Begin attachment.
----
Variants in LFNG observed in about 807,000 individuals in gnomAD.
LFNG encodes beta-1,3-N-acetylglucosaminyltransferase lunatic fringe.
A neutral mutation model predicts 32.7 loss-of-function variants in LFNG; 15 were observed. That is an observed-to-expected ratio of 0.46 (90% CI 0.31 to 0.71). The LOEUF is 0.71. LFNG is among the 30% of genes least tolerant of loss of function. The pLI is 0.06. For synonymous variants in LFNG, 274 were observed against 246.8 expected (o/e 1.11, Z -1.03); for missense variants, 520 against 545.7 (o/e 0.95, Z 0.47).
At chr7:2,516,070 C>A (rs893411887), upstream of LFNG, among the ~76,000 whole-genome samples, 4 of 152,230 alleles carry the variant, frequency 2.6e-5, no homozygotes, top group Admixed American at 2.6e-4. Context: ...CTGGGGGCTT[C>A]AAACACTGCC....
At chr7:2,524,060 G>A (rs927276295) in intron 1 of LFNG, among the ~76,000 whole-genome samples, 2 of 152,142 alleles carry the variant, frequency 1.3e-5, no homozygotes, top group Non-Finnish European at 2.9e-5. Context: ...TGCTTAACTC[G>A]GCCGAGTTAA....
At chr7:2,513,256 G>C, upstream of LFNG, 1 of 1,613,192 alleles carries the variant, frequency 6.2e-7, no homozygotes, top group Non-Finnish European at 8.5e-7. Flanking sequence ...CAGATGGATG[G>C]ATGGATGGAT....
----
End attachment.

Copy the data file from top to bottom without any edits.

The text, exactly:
Variants in LFNG observed in about 807,000 individuals in gnomAD.
LFNG encodes beta-1,3-N-acetylglucosaminyltransferase lunatic fringe.
A neutral mutation model predicts 32.7 loss-of-function variants in LFNG; 15 were observed. That is an observed-to-expected ratio of 0.46 (90% CI 0.31 to 0.71). The LOEUF is 0.71. LFNG is among the 30% of genes least tolerant of loss of function. The pLI is 0.06. For synonymous variants in LFNG, 274 were observed against 246.8 expected (o/e 1.11, Z -1.03); for missense variants, 520 against 545.7 (o/e 0.95, Z 0.47).
At chr7:2,516,070 C>A (rs893411887), upstream of LFNG, among the ~76,000 whole-genome samples, 4 of 152,230 alleles carry the variant, frequency 2.6e-5, no homozygotes, top group Admixed American at 2.6e-4. Context: ...CTGGGGGCTT[C>A]AAACACTGCC....
At chr7:2,524,060 G>A (rs927276295) in intron 1 of LFNG, among the ~76,000 whole-genome samples, 2 of 152,142 alleles carry the variant, frequency 1.3e-5, no homozygotes, top group Non-Finnish European at 2.9e-5. Context: ...TGCTTAACTC[G>A]GCCGAGTTAA....
At chr7:2,513,256 G>C, upstream of LFNG, 1 of 1,613,192 alleles carries the variant, frequency 6.2e-7, no homozygotes, top group Non-Finnish European at 8.5e-7. Flanking sequence ...CAGATGGATG[G>C]ATGGATGGAT....